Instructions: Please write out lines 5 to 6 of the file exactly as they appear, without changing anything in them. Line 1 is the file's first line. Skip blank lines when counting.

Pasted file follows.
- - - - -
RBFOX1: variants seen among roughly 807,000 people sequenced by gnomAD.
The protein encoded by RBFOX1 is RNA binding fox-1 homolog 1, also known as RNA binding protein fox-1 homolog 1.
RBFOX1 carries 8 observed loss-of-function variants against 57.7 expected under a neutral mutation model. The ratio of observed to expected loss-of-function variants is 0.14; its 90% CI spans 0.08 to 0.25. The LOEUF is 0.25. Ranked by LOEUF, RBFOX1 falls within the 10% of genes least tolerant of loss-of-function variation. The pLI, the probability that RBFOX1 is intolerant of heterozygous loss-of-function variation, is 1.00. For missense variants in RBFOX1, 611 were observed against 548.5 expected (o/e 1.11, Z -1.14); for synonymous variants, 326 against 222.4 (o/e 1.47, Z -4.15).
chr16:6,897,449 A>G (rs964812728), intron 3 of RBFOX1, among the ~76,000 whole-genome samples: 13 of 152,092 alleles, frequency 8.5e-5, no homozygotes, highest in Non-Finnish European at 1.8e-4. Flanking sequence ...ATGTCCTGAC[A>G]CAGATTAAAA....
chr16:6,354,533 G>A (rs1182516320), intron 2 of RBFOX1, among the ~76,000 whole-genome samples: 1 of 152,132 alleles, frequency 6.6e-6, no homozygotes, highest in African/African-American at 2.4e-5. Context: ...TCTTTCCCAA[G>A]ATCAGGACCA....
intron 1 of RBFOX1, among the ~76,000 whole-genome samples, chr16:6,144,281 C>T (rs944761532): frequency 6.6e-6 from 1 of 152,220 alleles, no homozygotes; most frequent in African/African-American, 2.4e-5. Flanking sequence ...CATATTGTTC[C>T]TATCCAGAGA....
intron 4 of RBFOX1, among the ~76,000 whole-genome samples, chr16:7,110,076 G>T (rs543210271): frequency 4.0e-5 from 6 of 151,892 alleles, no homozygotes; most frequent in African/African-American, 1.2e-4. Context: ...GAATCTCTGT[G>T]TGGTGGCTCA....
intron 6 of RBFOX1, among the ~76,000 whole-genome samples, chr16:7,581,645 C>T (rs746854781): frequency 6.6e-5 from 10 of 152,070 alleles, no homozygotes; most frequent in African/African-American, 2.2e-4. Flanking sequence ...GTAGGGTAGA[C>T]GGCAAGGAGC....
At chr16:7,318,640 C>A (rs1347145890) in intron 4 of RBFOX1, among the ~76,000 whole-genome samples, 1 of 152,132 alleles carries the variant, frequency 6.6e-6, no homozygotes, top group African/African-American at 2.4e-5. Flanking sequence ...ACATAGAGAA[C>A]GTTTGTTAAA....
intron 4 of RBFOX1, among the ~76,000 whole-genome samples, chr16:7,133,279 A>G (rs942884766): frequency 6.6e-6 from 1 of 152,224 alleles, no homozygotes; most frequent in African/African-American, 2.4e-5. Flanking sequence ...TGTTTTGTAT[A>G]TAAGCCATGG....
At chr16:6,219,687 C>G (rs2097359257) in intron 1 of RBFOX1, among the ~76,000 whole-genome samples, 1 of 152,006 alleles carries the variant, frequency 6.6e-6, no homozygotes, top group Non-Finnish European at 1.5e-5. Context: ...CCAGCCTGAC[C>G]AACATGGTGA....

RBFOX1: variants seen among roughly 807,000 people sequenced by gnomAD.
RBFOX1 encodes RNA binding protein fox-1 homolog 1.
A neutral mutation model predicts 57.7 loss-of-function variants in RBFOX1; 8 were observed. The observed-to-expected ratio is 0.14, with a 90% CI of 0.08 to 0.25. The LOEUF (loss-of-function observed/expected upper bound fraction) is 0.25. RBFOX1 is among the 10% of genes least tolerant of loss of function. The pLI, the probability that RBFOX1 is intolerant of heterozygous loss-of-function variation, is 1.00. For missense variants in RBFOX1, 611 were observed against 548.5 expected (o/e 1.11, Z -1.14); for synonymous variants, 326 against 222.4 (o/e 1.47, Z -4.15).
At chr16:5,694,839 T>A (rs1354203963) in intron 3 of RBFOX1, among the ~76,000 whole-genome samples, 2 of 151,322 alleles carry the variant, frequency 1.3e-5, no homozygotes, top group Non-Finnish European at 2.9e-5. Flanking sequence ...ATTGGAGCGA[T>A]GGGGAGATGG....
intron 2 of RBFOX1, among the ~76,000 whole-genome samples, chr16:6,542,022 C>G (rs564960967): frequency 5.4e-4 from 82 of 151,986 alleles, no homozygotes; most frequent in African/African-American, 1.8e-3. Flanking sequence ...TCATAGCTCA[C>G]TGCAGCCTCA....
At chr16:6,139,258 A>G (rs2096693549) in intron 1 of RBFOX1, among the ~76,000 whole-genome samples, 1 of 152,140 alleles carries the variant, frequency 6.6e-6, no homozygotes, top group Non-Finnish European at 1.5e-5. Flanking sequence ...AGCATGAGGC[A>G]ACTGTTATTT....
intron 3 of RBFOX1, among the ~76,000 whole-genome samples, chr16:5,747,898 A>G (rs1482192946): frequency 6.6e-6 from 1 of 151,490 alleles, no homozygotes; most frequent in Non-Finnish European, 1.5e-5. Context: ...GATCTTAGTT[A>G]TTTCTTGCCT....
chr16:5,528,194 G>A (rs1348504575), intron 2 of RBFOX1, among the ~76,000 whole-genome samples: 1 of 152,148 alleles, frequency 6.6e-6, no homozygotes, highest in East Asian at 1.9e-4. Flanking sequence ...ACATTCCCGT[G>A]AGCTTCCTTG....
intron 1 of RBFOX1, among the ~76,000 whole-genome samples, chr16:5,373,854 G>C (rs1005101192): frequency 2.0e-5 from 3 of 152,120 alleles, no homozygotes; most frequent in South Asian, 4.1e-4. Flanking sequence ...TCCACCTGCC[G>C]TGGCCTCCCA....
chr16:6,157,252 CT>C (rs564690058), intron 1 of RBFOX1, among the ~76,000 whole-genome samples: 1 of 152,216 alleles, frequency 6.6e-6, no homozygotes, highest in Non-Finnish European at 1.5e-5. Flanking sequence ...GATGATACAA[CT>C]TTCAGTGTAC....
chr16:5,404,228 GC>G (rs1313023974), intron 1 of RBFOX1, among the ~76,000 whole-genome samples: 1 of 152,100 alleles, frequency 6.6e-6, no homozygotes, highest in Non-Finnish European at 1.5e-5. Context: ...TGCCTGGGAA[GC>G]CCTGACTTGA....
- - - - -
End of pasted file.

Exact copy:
chr16:6,354,533 G>A (rs1182516320), intron 2 of RBFOX1, among the ~76,000 whole-genome samples: 1 of 152,132 alleles, frequency 6.6e-6, no homozygotes, highest in African/African-American at 2.4e-5. Context: ...TCTTTCCCAA[G>A]ATCAGGACCA....
intron 1 of RBFOX1, among the ~76,000 whole-genome samples, chr16:6,144,281 C>T (rs944761532): frequency 6.6e-6 from 1 of 152,220 alleles, no homozygotes; most frequent in African/African-American, 2.4e-5. Flanking sequence ...CATATTGTTC[C>T]TATCCAGAGA....